Matthews v. State of Nevada Legislature

Filing 133

REPORT AND RECOMMENDATION granting 101 motion to dismiss filed K. English; granting 103 MOTION to Dismiss filed by Bernard Curtis; denying as moot 108 MOTION for Leave to File filed by Felton L. Matthews, Jr.; granting 113 MOTION to Dismiss filed by Douglas C. Gillespie; and denying as moot 119 MOTION to treat Motion as a cross-motion for summary judgment filed by Felton L. Matthews, Jr.. Objections to R&R due by 1/15/2010 Signed by Magistrate Judge Valerie P. Cooke on 12/29/09. (Copies have been distributed pursuant to the NEF - DN)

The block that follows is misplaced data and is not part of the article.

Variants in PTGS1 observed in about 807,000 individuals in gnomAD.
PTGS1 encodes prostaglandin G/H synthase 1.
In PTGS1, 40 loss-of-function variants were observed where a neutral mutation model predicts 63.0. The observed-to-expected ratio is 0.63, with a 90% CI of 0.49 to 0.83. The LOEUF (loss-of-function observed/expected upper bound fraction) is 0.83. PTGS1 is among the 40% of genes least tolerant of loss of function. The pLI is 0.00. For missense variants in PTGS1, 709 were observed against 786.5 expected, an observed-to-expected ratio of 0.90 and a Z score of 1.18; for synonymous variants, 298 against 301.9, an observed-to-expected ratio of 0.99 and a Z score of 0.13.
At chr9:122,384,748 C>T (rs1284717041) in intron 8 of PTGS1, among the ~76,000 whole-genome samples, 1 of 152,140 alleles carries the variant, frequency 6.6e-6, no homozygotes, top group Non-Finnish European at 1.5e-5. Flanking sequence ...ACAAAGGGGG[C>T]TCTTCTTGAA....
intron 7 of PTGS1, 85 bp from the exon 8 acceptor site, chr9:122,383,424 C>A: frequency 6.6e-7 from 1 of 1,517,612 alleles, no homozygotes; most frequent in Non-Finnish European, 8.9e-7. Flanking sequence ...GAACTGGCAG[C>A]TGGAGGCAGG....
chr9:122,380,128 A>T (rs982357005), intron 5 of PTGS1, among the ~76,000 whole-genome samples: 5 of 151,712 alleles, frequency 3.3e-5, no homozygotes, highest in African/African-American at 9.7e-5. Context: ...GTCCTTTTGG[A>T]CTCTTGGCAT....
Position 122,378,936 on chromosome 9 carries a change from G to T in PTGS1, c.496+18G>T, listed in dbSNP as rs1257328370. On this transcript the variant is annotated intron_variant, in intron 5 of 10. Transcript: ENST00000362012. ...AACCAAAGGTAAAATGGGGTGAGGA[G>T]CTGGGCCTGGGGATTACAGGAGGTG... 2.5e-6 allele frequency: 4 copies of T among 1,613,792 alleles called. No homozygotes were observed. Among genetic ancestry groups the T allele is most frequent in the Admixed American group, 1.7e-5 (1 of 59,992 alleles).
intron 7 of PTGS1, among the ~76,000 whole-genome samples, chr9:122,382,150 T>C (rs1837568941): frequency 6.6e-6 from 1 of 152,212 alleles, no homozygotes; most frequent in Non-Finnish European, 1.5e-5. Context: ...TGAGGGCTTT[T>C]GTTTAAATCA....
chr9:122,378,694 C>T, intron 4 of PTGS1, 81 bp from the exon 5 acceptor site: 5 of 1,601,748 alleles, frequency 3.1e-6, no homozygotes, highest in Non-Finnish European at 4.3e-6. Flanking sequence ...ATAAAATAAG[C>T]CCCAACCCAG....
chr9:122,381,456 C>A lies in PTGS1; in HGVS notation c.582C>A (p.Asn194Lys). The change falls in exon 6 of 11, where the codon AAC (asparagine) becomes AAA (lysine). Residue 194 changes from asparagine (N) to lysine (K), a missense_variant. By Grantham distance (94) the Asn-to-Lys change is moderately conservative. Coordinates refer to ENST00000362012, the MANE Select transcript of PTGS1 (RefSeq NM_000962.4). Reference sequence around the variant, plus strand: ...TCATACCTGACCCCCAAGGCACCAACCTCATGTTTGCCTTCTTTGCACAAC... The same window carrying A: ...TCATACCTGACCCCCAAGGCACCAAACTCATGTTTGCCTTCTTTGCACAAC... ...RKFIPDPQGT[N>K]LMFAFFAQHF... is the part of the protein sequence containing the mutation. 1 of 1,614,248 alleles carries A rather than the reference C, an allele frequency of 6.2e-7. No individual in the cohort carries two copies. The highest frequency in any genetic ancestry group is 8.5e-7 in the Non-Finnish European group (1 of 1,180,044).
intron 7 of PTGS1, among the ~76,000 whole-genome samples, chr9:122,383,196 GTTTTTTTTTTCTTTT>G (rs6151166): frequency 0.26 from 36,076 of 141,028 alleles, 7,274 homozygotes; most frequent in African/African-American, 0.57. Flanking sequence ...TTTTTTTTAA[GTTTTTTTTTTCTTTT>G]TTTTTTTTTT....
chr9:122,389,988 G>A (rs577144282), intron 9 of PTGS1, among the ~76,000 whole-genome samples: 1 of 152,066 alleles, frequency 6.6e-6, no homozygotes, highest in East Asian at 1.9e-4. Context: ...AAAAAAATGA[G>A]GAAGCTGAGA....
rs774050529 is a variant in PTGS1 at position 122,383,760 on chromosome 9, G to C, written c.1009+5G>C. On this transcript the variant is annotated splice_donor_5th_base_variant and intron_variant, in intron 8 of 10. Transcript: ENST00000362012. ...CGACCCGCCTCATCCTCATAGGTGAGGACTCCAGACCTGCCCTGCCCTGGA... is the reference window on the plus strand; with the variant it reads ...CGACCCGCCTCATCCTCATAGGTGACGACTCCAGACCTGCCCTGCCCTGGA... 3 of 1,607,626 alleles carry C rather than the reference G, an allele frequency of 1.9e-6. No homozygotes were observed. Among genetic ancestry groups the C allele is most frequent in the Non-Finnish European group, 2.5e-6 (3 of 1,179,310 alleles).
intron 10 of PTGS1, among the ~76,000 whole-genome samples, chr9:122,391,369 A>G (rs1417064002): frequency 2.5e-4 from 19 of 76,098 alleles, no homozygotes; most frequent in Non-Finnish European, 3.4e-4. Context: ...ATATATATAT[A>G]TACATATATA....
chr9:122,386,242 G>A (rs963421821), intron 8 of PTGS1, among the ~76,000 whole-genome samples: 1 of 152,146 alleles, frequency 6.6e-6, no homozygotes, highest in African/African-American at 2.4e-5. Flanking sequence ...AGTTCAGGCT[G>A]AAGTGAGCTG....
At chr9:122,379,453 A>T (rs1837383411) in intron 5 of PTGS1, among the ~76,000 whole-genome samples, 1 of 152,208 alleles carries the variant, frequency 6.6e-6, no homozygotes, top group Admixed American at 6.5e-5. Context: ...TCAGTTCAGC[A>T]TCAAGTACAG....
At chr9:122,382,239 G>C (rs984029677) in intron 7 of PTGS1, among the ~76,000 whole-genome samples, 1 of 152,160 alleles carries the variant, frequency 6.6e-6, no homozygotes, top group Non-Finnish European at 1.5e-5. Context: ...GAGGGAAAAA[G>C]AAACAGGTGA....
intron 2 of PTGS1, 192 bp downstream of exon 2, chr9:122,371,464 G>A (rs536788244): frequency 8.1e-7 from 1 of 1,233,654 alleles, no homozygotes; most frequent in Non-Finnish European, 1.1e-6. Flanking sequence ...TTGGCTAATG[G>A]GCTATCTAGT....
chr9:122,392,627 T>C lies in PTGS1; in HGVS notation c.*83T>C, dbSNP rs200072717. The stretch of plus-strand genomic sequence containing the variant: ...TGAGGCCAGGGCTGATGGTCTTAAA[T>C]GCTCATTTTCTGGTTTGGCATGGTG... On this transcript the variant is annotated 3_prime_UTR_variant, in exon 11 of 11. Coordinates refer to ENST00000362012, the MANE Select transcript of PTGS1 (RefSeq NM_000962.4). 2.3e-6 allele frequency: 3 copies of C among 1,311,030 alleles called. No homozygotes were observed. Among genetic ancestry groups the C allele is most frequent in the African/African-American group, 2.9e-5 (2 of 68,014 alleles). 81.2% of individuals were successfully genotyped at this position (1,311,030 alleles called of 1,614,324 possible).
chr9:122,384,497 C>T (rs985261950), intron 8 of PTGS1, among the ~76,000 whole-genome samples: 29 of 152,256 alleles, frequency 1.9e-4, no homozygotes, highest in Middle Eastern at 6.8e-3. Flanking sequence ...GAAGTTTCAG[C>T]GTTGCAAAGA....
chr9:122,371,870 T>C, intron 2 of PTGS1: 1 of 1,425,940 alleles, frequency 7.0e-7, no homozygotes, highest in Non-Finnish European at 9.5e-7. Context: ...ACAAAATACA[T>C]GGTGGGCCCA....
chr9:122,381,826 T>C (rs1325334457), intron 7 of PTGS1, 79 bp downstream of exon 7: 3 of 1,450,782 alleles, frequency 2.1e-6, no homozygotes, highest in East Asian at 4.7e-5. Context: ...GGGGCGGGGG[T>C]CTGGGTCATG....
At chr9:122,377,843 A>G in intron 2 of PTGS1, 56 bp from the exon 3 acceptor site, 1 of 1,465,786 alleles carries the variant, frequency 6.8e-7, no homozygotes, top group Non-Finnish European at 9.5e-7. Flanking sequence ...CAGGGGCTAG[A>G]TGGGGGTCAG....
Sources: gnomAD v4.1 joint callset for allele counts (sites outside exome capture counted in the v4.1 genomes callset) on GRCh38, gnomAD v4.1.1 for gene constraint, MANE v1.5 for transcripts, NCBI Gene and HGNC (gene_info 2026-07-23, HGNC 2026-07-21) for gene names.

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1 2 3 4 5 6 7 8 9 10 11 12 13 14 15 16 17 18 19 20 21 22 23 24 25 26 27 28 UNITED STATES DISTRICT COURT DISTRICT OF NEVADA FELTON L. MATTHEWS, JR. ) ) Plaintiff, ) ) v. ) ) STATE OF NEVADA LEGISLATURE, ) et al., ) ) Defendants. ) ____________________________________) 3:08-CV-00387-LRH-VPC REPORT AND RECOMMENDATION OF U.S. MAGISTRATE JUDGE December 29, 2009 This Report and Recommendation is made to the Honorable Larry R. Hicks, United States District Judge. The action was referred to the undersigned Magistrate Judge pursuant to 28 U.S.C. 636(b)(1)(B) and LR IB 1-4. Before the court is defendant Bernard Curtis's motion to dismiss (#103), defendant Kechia English's motion to dismiss (#101), defendant Douglas Gillespie's motion to dismiss (#113), and plaintiff's motion for summary judgment (#108). Plaintiff opposed the motions to dismiss (#s 107, 109, 118), and defendants English and Gillespie replied (#s 114, 121). The court has throughly reviewed the record and the motions and recommends that defendants' motions to dismiss (#s101, 103, 113) be granted and plaintiff's motion for summary judgment (#108), and accompanying request (#119), be denied as moot. I. HISTORY & PROCEDURAL BACKGROUND Plaintiff Felton L. Matthews ("plaintiff"), a pro se prisoner, is currently incarcerated at Ely State Prison ("ESP") in the custody of the Nevada Department of Corrections ("NDOC") (#28). Plaintiff brings his complaint pursuant to 42 U.S.C. 1983, alleging violations under the Fourteenth Amendment, Eighth Amendment, First Amendment, and the Ex Post Facto Clause of the U.S. Constitution. Id. p. 4. In general, plaintiff's claims arise out of changes to state law concerning his status as a sex offender, and his inability to challenge the validity of certain documents used at his sentencing. Id. pp. 4-9. Plaintiff names as defendants the Nevada State Legislature; Governor Jim Gibbons; Catherine Cortez-Masto, Nevada Attorney General; Howard Skolnik, NDOC Director; 1 2 3 4 5 6 7 8 9 10 11 12 13 14 15 16 17 18 19 20 21 22 23 24 25 26 27 28 Adam Endel, Associate Warden of Programs; Joyce Thomson, Lovelock Correctional Center Caseworker; Bernard Curtis, Chief of Parole and Probation; Kechia English, Child Protection Services Investigator; and "CCDC/Unknown," an unknown officer at the Clark County Detention Center.1 Deciphering plaintiff's claims is difficult, but the court construes the complaint in the following manner with respect to the defendants at issue in this motion and gives plaintiff the benefit of every doubt. Count I of plaintiff's complaint alleges that the Nevada State Legislature's passage of certain legislative bills has deprived plaintiff of a constitutionally protected liberty interest without due process of law (#28, p. 5). Specifically, plaintiff contends that Assembly Bill 579 (A.B. 579) and Senate Bill 471 (S.B. 471) change requirements with respect to plaintiff's registration and supervision as a sex offender in violation of the U.S. Constitution's Ex Post Facto and Due Process Clauses. Id. pp. 6-10. While the thrust of plaintiff's complaint takes aim at the State Legislature and Attorney General, plaintiff appears to allege defendant English, a Child Protection Services investigator, fabricated evidence within the presentence investigation report ("PSI") (#28, p. 6). Plaintiff now seeks the opportunity to change the contents of the report. The sentencing court used the PSI for a judgment of conviction dated in March 2002 and plaintiff challenged the PSI before and after sentencing. Id. However, he now claims that the new law (as enacted with the passage of A.B. 579 and S.B. 479) may disadvantage him in a parole hearing (# 28, p. 6, 8). He further alleges that defendant Curtis's refusal to allow plaintiff to "correct" the contents of defendant English's report is a denial of plaintiff's constitutional right of due process (#28, p. 6). Count II of plaintiff's complaint encapsulates the same allegations in count I, but plaintiff's claim does not focus on the effect of the two legislative bills (#28, p. 11). In other words, plaintiff simply alleges a violation of due process as a result of his inability to correct the report. Id. Count IV alleges that "an unknown CCDC guard" entered false statements into a report and The District Court ordered the dismissal of all claims against the Nevada State Legislature and Governor Jim Gibbons (#s 75, 76). The District Court also affirmed the court's recommendation to dismiss defendants Cortez-Masto, Skolnik, Endel, and Thomson (#126). On June 5, 2009, plaintiff moved to add/substitute defendant Gillespie for the "unknown CCDC officer" (#87), and the court granted the motion in part (#99). The court allowed plaintiff to serve defendant Gillespie with the complaint. Id. 1 2 1 2 3 4 5 6 7 8 9 10 11 12 13 14 15 16 17 18 19 20 21 22 23 24 25 26 27 28 then sent the report to NDOC officials. Plaintiff further alleges that these statements resulted in plaintiff's segregation and isolation (#28, p. 15). The complaint does not specifically mention defendant Gillespie. The remaining counts in plaintiff's complaint do not relate to present defendants.2 The court notes that the plaintiff is proceeding pro se. "In civil cases where the plaintiff appears pro se, the court must construe the pleadings liberally and must afford plaintiff the benefit of any doubt." Karim-Panahi v. L.A. Police Dep't, 839 F.2d 621, 623 (9th Cir. 1988); see also Haines v. Kerner, 404 U.S. 519, 520-21 (1972). II. DISCUSSION & ANALYSIS A. Discussion 1. Motion to Dismiss Standard Under Federal Rule of Civil Procedure 8(a)(2), a pleading must contain a "short and plain statement of the claim showing that the pleader is entitled to relief." To survive a motion to dismiss, a complaint must contain sufficient factual matter, accepted as true, to "state a claim to relief that is plausible on its face." Ashcroft v. Iqbal, 129 S.Ct. 1937, 1949 (2009) (quoting Bell Atlantic Corp. v. Twombly, 550 U.S. 544, 570 (2007)). A claim has facial plausibility when the plaintiff pleads factual content that allows the court to draw the reasonable inference that the defendant is liable for the misconduct alleged. Id. at 1955. When considering a motion to dismiss for failure to state a claim upon which relief can be granted, the court employs to a two-pronged approach. Id. First, the tenet that a court must accept as true all of the allegations contained in a complaint is inapplicable to legal conclusions. Id. Second, only a complaint that states a plausible claim for relief survives a motion to dismiss. Id. In other words, for the nonmovant to succeed, "the non-conclusory `factual content,' and reasonable inferences from that content, must be plausibly suggestive of a claim entitling the plaintiff to relief." In count III, plaintiff alleges that false statements of fact in his record constitute cruel and unusual punishment in violation of the Eighth Amendment. Count V of plaintiff's complaint alleges that defendants have interfered with his mail. As noted in the court's previous order (# 96, p. 9), count V has been dismissed because that claim is currently being litigated in another court. See Matthews v. LeGrand, No. 3:08-cv-00322-LRH-RAM. 2 3 1 2 3 4 5 6 7 8 9 10 11 12 13 14 15 16 17 18 19 20 21 22 23 24 25 26 27 28 Moss v. U.S. Secret Serv., 572 F.3d 962, 969 (9th Cir. 2009). Under section 1983, a plaintiff must allege that (1) defendants subjected him to the deprivation of a right, privilege or immunity guaranteed by the U.S. Constitution or federal law, and (2) that the defendant acted under the color of state law. West v. Atkins, 487 U.S. 42, 48 (1988); see also Crumpton v. Gates, 947 F.2d 1418, 1420 (9th Cir. 1991). B. Analysis Plaintiff alleges deprivations of his Fourteenth Amendment Due Process rights and his Eighth Amendment right against cruel and unusual punishment due to his inability to correct allegedly false information in his records (#28). 1. Count I: Ripeness In count I, plaintiff alleges that the cumulative effect of defendant English's allegedly false statements in the PSI, defendant Curtis's refusal to allow him to "correct" those statements in the PSI, and the passage of A.B. 579 and S.B. 471 into law constitute a violation of plaintiff's constitutional right to due process. Defendants argue that the court should dismiss plaintiff's claim because plaintiff has not produced a "case or controversy" for judicial review. "It goes without saying that those who seek to invoke the jurisdiction of the federal courts must satisfy the threshold requirement imposed by Article III of the Constitution by alleging an actual case or controversy." City of Los Angeles v. Lyons, 461 U.S. 95, 101 (1983). A federal court lacks subject matter jurisdiction over a claim that is not ripe. S. Pac. Transp. Co. v. Los Angeles, 922 F.2d 498 (9th Cir.1990), cert. denied, 502 U.S. 943 (1991). A plaintiff not only must demonstrate a "personal stake in the outcome," but also must prove that he "has sustained or is in immediate danger of sustaining some direct injury as the result of the challenged official conduct and the injury or threat of injury must be both real and immediate, not conjectural or hypothetical." Lyons, 461 U.S. at 101 (citations omitted). Plaintiff argues that since the two bills have passed into law, such laws are "ripe for attack" (#109, p.2). The court disagrees. Regardless of the passage of the two bills, plaintiff has failed to demonstrate that he has sustained or is likely to sustain imminent injury. Plaintiff does not allege that he has had a parole hearing, nor that he will be eligible for parole in the near future. Plaintiff 4 1 2 3 4 5 6 7 8 9 10 11 12 13 14 15 16 17 18 19 20 21 only speculates that he may incur injury at the hands of defendants should the legislative acts take effect.3 Therefore, plaintiff's allegations in count I do not present an actual controversy for this court. Accordingly, the court dismisses plaintiff's claims against defendants English and Curtis in count I for lack of subject matter jurisdiction. 2. Count II: Due Process Claim for Records Correction a. Defendant English In count II, plaintiff claims that defendant English purposely included false statements in the PSI in violation of his due process rights. Prior to reaching the constitutional question of whether plaintiff has presented a constitutionally protected liberty interest in the accuracy of his PSI, the court addresses whether the rule in Heck v. Humphrey, 512 U.S. 477 (1994), bars plaintiff's claim. A prisoner cannot use a 1983 action to challenge "the fact or duration of his confinement." Prieser v. Rodriguez, 411 U.S. 475, 489 (1973). "He must seek federal habeas corpus relief (or appropriate state relief) instead." Wilkinson v. Dotson, 544 U.S. 74, 78 (2005). The rule in Heck prevents a plaintiff from employing a 1983 action to undermine a conviction or sentence when other legal means exist for attacking that conviction or sentence. In Heck, the Supreme Court noted: In order to recover damages for allegedly unconstitutional conviction or imprisonment, or for other harm caused by actions whose unlawfulness would render a conviction or sentence invalid, a 1983 plaintiff must prove that the conviction or sentence has been reversed on direct appeal, expunged by executive order, declared invalid by a state tribunal authorized to make such a determination, or called into question by a federal court's issuance of a writ of habeas corpus, 28 U.S.C. 2254. Heck, 512 U.S. at 486-87. Subsequent cases expanded the applicability of the Heck rule. The Court 22 noted: 23 24 25 26 27 28 Moreover, the District Court permanently enjoined the enforcement of A.B. 579 and S.B. 471, further underscoring the argument that plaintiff's injury is not imminent. See Am. Civil Liberties Union of Nev. v. Masto, No. 2:08-cv-00822 (D. Nev. Oct. 7, 2008). 3 . . . a state prisoner's 1983 action is barred (absent prior invalidation) - no matter the relief sought (damages or equitable relief), no matter the target of the prisoner's suit (state conduct leading to conviction or internal prison proceedings) - if success in that action would necessarily demonstrate the invalidity of 5 1 2 3 4 5 6 7 8 9 10 11 12 13 14 15 16 17 18 19 20 21 22 23 24 25 26 27 28 confinement or its duration. Wilkinson, 544 U.S. at 82. Here, the court finds that plaintiff's claim against defendant English would necessarily imply the invalidity of his sentence, and therefore, plaintiff's claim is Heck-barred. Specifically, should the plaintiff's challenge to the PSI succeed, the validity of plaintiff's sentence would be called into question. Plaintiff's conviction would remain the same, but different facts within the PSI would necessitate a different sentence. Success in his 1983 action would "correct" the errors in the PSI and would necessarily impugn the validity of that sentence. Therefore, the court finds that plaintiff's claim against defendant English for allegedly false statements in the PSI is barred by the rule in Heck. b. Statute of Limitations Assuming that plaintiff's claim against defendant English was not Heck-barred (i.e. correction of the false statements in the report would not necessarily impugn the validity of the sentence), plaintiff must then overcome the statute of limitations. As the court explains below, the applicable statute of limitations would bar plaintiff's suit against defendant English. The accrual date of 1983 action is a question of federal law that is not resolved by reference to state law. Wallace v. Kato, 549 U.S. 384, 388 (2007). Aspects of 1983 which are not governed by reference to state law are governed by federal rules conforming in general to common law tort principles. Id. "Under those principles, it is the standard rule that accrual occurs when the plaintiff has a complete and present cause of action, that is when the plaintiff can file suit and obtain relief." Id. (quotations omitted). In this case, plaintiff alleges that defendant English published false statements in his March 2002 PSI. At common law, "a cause of action for defamation is complete at the time of publication, except when the statement is not actionable until harm has been caused, in which case the cause of action matures when harm is first caused." Restatement (Second) of Torts 899 cmt. c (1979). Plaintiff would likely argue that the false statements did not cause harm until the two legislative acts (A.B. 579 and S.B. 471) were enacted into law. See #107, pp.1-2. The court disagrees. That the passage of the bills may further disadvantage plaintiff does not mean that the statements never 6 1 2 3 4 5 6 7 8 9 10 11 12 13 14 15 16 17 18 19 20 21 22 23 24 25 26 27 28 produced actionable harm at the outset. Plaintiff admits to challenging the statements before and after sentencing (#28, p. 6). Such actions are consistent with the view that plaintiff was in fact harmed and that the cause of action accrued at that time.4 Therefore, the date which plaintiff's claim against defendant English accrued in March 2002. Marking the accrual of the action, the court must next determine the applicable statute of limitations for plaintiff's claim. Plaintiff's claim is that of personal injury arising from the false statements in the report. Although section 1983 is a federal cause of action, it borrows its statute of limitations from the applicable state law. Owens v. Okure, 488 U.S. 235, 249-50 (1989); Wilson v. Garcia, 471 U.S. 261, 279-80 (1985). In Nevada, the applicable statute of limitations for personal injury torts is two years. Nev. Rev. Stat. 11.190.4(c). Thus, plaintiff would have had to bring his claim against defendant English by March 2004, two years after the publication of the statement. Clearly, plaintiff's filing of this claim more than six years after the accrual of the action falls outside the statute of limitations. Therefore, assuming that plaintiff's claim is not Heck-barred, plaintiff's claim does not meet the applicable statute of limitations and must be dismissed on that ground. b. Defendant Curtis On the other hand, plaintiff's claim against defendant Curtis does not suffer from the same deficiencies as those against defendant English. In his claim against defendant Curtis, plaintiff merely asserts that the procedures denied him the opportunity to correct his file and that such procedures violate his due process rights (#28, p. 11). In Wilkinson, the Court held that prisoners who challenged the procedural deficiencies of the state's parole procedures were not Heck-barred. Wilkinson, 544 U.S. at 82. Instead, the Court reasoned that a successful challenge to the state's procedures would not necessarily result in the prisoner's successful release on parole. Id. Rather, In addition to any challenge to the statements in his sentencing, plaintiff could have filed any civil suit that he deemed appropriate. As the Supreme Court noted in Wallace, the district court would likely stay the civil suit pending the resolution of the criminal matter. See Wallace, 549 U.S. at 393-94. Likewise here, plaintiff's civil action regarding defendant English's allegedly false statements would likely have been stayed pending the resolution of his sentencing. In any event, nothing inhibited him from filing his case at the time the statements were made in his PSI. 4 7 1 2 3 4 5 6 7 8 9 10 11 12 13 14 15 16 17 18 19 20 21 22 23 success in his 1983 suit would only result in a new hearing. Id. Authorities would be free to reject the prisoner's requested release. Likewise here, plaintiff appears to only challenge defendant Curtis with respect to the procedures involved in correcting inaccurate information in his records. Therefore, this aspect of plaintiff's complaint is not barred by Heck. Nonetheless, the allegations in plaintiff's complaint are simply not sufficient to state a claim against defendant Curtis. In count II, plaintiff states that the regulations deny him protection under the law (#28, p. 11). Plaintiff states, "I am entitled to equal protection and due process of law . . . . I am being denied this by Bernard Curtis of PNP and [others] based on their policy in their own A.R.'s not to correct data submitted by third parties." Id. Such conclusory allegations are insufficient to overcome a motion to dismiss. See Ashcroft v. Iqbal, 129 S.Ct. 1937, 1955 (2009). Therefore, plaintiff's claim against defendant Curtis is dismissed. /// 3. Defendant Gillespie Plaintiff originally styled his complaint against an "unknown" officer at the Clark County Detention Center (#28, p. 15). On June 5, 2009, plaintiff sought to add/substitute parties and issue additional summons (#87). The court granted his motion in part (#99) and ordered the clerk to issue a summons and a copy of the minute order to defendant Gillespie. However, plaintiff has represented to this court that defendant Gillespie is not the person responsible for the alleged acts set forth in the complaint. Plaintiff asserts in his motion to the court: Jerry Keller was the past warden responsible for the incidents at CCDC with the informants and the libel and slander originally sent... [Defendant Gillespie's] refusal to send the corrective data is a continuation of Jerry Keller's illegal and scandalous act. Gillespie is therefore a co-conspirator to further state activities and should be prosecuted. (#87, p. 2) (emphasis added). The complaint sets forth that the "unknown CCDC guard" is the 24 "person who put libel and slander in my NDOC I-file" (#28, p. 2). Plaintiff has not served Mr. 25 Keller with the complaint but rather defendant Gillespie. Plaintiff's representations to the court 26 make abundantly clear that defendant Gillespie played no part in the alleged acts set forth in 27 plaintiff's complaint. 28 8 1 2 3 4 5 6 7 8 9 10 11 12 13 14 15 16 17 18 19 20 21 22 23 24 25 26 27 28 The court is not aware and plaintiff has not provided any authority that would allow plaintiff to name one defendant in place of another merely on the ground that one has "continued" the act of another. For example, in the context of supervisory personnel, "the plaintiff must set forth some evidence that the defendant either: personally participated in the alleged deprivation of constitutional rights; knew of the violations and failed to act to prevent them; or promulgated or implemented a policy so deficient that the policy itself is a repudiation of constitutional rights and is the moving force of the constitutional violation." Hansen v. Black, 885 F.2d 642, 646 (9th Cir. 1989) (internal quotations omitted). Plaintiff does none of the above. Therefore, claims against defendant Gillespie are dismissed. III. CONCLUSION Based on the foregoing and for good cause appearing, the court concludes that counts I fails for lack of subject matter jurisdiction. Count II fails to state a claim because plaintiff's claim is Heck barred. Additionally, plaintiff fails to state a plausible claim with respect to defendant Curtis. Plaintiff has failed to allege that defendant Gillespie personally participated in any alleged deprivation of a constitutional right. The court recommends that defendant English's motion to dismiss (#101) be GRANTED. The court also recommends that defendant Curtis's motion to dismiss (#103) be GRANTED. The court recommends that defendant Gillespie's motion to dismiss (#113) be GRANTED. The court also recommends that plaintiff's motion for summary judgment (#108), as well as plaintiff's corresponding request to treat the motion for summary judgment as a cross motion for summary judgment (#119), be DENIED as moot. The parties are advised: 1. Pursuant to 28 U.S.C. 636(b)(1)(c) and Rule IB 3-2 of the Local Rules of Practice, the parties may file specific written objections to this report and recommendation within fourteen days of receipt. These objections should be entitled "Objections to Magistrate Judge's Report and Recommendation" and should be accompanied by points and authorities for consideration by the District Court. 2. This report and recommendation is not an appealable order and any notice of appeal 9 1 2 3 4 5 6 7 8 9 10 11 12 13 14 15 16 17 18 19 20 21 22 23 24 25 26 27 28 pursuant to Fed. R. App. P. 4(a)(1) should not be filed until entry of the District Court's judgment. IV. RECOMMENDATION IT IS THEREFORE RECOMMENDED that defendant English's motion to dismiss (#101) be GRANTED; that defendant Curtis's motion to dismiss (#103) be GRANTED; and that defendant Gillespie's motion to dismiss (#113) be GRANTED. The court also recommends that plaintiff's motion for summary judgment (#108) and request to treat the motion as a cross motion for summary judgment (#119) be DENIED as moot. DATED: December 29, 2009. ______________________________________ UNITED STATES MAGISTRATE JUDGE 10